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Since the start of 2020, companies from Bank of America and JPMorgan Chase to Google and Twitter have pledged billions of dollars to support entrepreneurs of color.
All those dollars don’t go directly into business owners’ pockets, however. Many are being invested in other financial institutions — particularly community development financial institutions, whose services include making small-business loans to borrowers underserved by traditional banks.
“We give folks a chance when others can't or won't,” says Martina Edwards, chief of strategic partnerships at ACE, a CDFI that supports entrepreneurs in Atlanta and north Georgia with low-interest loans, financial education and business development services.
Corporate and philanthropic support “allows us to accelerate the work that we’re doing,” including making more loans, Edwards says.
If you’re a business owner of color, here’s how these pledges can benefit you.
Get a business loan
In general, corporate investments in CDFIs take the form of loan funds. CDFIs can borrow from these funds at low interest rates and lend that money to their clients.
There are more than 1,200 CDFIs in the U.S., according to the Department of the Treasury, including banks, credit unions, loan funds and venture capital funds. CDFIs specialize in the kinds of loans banks might turn down: small loans with low interest rates to borrowers with short credit histories or limited collateral.
For example, ACE’s average Paycheck Protection Program loan was around $24,000, with 90% of funding going to businesses with five or fewer employees and 67% to Black-owned businesses, Edwards says. For comparison, the average PPP loan approved between the start of 2021 and May 31 was $42,000, and among recipients who provided their race, Black borrowers received 5.8% of approved funding, according to the Small Business Administration.
“The work that we do allows us to provide affordable capital,” Edwards says, “which fuels successful business growth and kind of cascades on through families as they build assets and resources and create jobs.”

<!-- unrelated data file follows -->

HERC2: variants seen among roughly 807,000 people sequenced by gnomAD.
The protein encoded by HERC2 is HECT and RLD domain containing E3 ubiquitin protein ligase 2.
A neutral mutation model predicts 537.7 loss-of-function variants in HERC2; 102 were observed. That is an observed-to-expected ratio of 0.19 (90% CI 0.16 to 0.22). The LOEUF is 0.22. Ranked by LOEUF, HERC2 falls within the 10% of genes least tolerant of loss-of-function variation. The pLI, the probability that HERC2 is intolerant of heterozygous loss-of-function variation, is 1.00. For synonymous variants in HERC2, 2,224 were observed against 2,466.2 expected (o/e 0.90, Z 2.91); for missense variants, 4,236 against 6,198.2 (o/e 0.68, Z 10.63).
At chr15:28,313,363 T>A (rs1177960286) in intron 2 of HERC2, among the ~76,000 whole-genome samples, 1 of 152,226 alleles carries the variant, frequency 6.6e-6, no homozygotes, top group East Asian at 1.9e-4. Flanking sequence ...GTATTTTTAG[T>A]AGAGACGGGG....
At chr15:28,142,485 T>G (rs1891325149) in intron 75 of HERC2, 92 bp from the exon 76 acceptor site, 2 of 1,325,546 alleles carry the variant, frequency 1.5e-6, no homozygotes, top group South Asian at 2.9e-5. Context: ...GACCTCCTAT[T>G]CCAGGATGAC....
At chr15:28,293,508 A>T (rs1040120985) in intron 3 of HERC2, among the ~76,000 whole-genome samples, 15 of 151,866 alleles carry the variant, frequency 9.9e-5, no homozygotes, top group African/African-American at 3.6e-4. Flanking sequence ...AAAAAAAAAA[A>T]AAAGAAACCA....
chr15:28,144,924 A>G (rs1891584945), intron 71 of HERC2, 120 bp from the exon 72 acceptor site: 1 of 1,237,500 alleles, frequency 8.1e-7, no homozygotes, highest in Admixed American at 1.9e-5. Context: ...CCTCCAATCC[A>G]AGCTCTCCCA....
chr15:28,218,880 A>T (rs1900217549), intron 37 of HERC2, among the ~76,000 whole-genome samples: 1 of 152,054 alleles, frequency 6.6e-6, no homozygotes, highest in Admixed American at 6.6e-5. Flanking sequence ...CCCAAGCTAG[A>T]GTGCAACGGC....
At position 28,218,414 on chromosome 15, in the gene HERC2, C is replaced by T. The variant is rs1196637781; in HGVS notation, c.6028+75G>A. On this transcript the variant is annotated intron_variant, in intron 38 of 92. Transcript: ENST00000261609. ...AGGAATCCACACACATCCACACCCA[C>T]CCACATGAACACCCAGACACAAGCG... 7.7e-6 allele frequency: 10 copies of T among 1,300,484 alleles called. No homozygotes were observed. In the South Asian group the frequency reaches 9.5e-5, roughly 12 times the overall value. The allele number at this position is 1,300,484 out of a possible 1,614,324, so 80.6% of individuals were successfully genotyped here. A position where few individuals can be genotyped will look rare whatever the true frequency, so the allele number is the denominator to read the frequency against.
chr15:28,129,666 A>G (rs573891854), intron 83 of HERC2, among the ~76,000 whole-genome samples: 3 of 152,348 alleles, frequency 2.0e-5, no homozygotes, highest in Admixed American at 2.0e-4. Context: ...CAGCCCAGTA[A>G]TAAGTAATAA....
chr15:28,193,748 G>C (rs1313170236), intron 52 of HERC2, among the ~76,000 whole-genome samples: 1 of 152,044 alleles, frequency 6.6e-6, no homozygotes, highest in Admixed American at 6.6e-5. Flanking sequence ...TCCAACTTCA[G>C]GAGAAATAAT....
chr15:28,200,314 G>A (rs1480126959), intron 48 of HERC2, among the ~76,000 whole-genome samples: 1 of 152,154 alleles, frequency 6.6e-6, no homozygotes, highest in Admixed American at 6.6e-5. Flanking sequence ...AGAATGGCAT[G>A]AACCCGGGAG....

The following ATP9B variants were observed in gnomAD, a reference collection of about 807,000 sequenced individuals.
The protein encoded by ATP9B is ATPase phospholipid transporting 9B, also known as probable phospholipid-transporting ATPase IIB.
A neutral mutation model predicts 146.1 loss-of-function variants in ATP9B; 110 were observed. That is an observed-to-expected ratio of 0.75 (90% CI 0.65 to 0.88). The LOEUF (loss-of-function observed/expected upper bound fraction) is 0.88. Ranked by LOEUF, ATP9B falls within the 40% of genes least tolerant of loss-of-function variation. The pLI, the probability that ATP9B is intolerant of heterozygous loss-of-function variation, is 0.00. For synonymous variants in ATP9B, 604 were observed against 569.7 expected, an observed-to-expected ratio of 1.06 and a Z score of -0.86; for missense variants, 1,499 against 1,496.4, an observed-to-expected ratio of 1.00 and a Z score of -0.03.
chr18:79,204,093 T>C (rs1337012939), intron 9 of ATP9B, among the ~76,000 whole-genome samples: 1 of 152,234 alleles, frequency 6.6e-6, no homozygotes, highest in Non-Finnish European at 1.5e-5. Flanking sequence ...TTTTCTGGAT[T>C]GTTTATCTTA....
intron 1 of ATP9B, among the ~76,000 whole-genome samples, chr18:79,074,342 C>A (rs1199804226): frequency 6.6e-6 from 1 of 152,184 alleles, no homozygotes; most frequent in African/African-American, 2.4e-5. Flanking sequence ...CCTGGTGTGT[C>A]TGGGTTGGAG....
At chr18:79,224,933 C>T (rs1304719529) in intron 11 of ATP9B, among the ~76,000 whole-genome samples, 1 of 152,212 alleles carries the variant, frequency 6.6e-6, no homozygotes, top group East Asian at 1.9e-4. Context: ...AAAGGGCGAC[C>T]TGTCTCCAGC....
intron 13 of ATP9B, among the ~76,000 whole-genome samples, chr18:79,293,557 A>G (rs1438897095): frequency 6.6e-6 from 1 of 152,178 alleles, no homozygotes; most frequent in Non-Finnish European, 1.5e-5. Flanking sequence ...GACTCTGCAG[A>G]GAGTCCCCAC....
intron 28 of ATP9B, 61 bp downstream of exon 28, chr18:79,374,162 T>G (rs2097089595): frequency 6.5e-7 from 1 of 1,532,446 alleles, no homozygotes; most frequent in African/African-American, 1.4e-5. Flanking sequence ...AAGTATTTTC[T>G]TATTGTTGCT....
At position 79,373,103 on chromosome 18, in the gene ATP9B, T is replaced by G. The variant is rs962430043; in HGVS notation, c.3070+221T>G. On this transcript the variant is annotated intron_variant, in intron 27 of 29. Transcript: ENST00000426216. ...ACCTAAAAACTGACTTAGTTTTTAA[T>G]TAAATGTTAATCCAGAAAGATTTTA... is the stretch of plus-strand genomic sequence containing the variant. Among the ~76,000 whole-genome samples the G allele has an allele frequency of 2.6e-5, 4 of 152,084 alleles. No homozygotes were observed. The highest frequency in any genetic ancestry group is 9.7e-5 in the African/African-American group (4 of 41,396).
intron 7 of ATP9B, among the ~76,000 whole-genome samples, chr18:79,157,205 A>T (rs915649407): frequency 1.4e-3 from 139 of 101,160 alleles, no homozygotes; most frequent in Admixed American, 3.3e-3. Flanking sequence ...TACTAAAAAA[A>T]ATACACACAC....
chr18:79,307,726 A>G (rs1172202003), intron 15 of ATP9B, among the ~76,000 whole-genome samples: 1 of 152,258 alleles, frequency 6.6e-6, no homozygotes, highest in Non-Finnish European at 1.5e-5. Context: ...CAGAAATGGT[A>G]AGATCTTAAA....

Get wraparound support
New Jersey-based TD Bank has dedicated $30 million in equity capital to CDFIs as part of the Equity Fund it announced in June, according to Michael Innis-Thompson, senior vice president and head of community lending and development for TD Bank.
“They're experts in the field, and they have a strong presence in their communities,” Innis-Thompson says of CDFIs.
Business owners often get connected with CDFIs through educational programming, from webinars and networking events to monthslong business development courses. ACE offers programming in English and Spanish.
CDFIs are “a resource for more than just capital,” Innis-Thompson says. They offer “technical assistance and other support, like accounting, legal, human resources, general advice, as well as how to write a stronger business plan… it's about having a support system so that these businesses can be successful.”
You can find a CDFI that can serve you by using the CDFI Locator tool from the Opportunity Finance Network, which is the national association of CDFIs.
Find a new bank
Like CDFIs, minority depository institutions — banks where most stockholders or board members are people of color — are seeing new investment from national banks and corporations. Wells Fargo, for example, has invested $50 million in equity capital in 13 Black-owned banks.
While MDIs generally have similar underwriting requirements to national and regional banks, many are community-minded and may make “more of an effort” to work with small borrowers, says Ken Alozie, managing director at the Washington, D.C.-based commercial lender Greenwood Capital Advisors.
“They have more of a mandate to revitalize, or do something that’s going to be economically impactful to the communities they’re in,” Alozie says.
Plus, working with a local or community-based bank keeps dollars circulating within your community, which can benefit your neighbors too.
Get a direct investment
In addition to supporting CDFIs, TD Bank dedicated $75 million to a specialized small-business investment company, an SBA-licensed organization that offers equity and debt financing to growing companies.
Funding from a small-business investment company is similar to venture capital, which is not for every type of business. These investors are typically looking for medium-size, established businesses that are ready to grow — those with revenues of around $5 million and up, Innis-Thompson says. If you believe your business is the right fit for this type of funding, a list of active SBICs is available on SBA.gov.
JPMorgan Chase is also focusing on midsize companies seeking to scale, pledging $200 million to be invested alongside private asset management firm Ariel Alternatives’ Project Black.
Additionally, PayPal has pledged $100 million to Black and Latinx-led venture capital funds.
To connect with investors, participate in the ecosystem: Network in your community, attend pitch events and apply to accelerator programs. Keep in mind, however, only a fraction of businesses receive venture capital.
Push for financial equity
These pledges are part of a larger landscape of corporate commitments to support racial equity. Banks and corporations are also promising to make mortgage loans to borrowers of color, invest in historically black colleges and universities and help build affordable housing.
“There's a hunger to address racial justice in many dimensions,” says Lisa Mensah, president and CEO of the Opportunity Finance Network. “I think CDFIs have something immediate to offer.”